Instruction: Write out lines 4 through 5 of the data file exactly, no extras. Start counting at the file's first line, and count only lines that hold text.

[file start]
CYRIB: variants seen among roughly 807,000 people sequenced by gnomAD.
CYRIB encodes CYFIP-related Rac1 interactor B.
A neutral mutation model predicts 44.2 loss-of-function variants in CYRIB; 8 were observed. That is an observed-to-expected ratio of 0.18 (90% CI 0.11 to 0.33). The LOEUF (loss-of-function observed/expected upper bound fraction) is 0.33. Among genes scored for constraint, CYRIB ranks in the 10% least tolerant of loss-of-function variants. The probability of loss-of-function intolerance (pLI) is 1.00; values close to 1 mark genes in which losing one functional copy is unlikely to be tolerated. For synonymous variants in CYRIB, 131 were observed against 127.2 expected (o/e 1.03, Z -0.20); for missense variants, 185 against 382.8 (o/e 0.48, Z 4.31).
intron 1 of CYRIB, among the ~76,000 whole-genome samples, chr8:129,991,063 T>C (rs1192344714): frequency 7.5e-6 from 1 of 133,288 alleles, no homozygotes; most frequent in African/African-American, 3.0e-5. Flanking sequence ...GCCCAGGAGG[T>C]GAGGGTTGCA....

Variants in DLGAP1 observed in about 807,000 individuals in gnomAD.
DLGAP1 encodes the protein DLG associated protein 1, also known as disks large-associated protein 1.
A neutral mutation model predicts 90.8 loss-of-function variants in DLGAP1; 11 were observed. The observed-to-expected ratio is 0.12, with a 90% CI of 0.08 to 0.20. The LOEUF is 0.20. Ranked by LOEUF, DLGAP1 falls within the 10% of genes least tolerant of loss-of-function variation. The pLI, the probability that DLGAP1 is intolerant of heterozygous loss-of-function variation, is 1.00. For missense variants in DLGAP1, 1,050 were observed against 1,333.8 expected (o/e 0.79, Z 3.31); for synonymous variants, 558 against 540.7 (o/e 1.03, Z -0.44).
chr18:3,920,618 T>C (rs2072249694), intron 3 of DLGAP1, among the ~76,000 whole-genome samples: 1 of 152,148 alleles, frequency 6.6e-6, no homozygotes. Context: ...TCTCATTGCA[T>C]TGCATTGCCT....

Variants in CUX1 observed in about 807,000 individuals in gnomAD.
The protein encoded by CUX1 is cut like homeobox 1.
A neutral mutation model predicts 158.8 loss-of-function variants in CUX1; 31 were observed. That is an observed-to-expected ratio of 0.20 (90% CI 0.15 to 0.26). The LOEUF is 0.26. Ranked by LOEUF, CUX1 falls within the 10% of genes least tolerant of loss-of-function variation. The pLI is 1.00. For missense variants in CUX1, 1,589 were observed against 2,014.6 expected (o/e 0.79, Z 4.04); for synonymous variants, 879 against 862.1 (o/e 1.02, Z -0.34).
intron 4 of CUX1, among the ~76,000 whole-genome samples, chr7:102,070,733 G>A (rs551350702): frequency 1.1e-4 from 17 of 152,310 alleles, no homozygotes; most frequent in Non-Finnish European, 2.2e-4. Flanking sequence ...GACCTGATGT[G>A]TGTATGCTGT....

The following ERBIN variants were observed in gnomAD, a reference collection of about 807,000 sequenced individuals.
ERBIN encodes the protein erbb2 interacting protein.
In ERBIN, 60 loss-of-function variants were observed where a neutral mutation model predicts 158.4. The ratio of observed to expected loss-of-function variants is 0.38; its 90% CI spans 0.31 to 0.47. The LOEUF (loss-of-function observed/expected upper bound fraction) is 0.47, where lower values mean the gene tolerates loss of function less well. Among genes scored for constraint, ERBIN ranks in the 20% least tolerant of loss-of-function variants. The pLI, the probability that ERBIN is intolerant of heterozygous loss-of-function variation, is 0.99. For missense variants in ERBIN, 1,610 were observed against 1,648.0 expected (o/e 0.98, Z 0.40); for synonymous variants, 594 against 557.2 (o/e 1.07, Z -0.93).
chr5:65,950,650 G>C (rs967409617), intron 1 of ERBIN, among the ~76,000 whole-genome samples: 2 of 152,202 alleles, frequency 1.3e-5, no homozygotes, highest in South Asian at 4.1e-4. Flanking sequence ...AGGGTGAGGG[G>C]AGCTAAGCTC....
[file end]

intron 1 of CYRIB, among the ~76,000 whole-genome samples, chr8:129,991,063 T>C (rs1192344714): frequency 7.5e-6 from 1 of 133,288 alleles, no homozygotes; most frequent in African/African-American, 3.0e-5. Flanking sequence ...GCCCAGGAGG[T>C]GAGGGTTGCA....

Variants in DLGAP1 observed in about 807,000 individuals in gnomAD.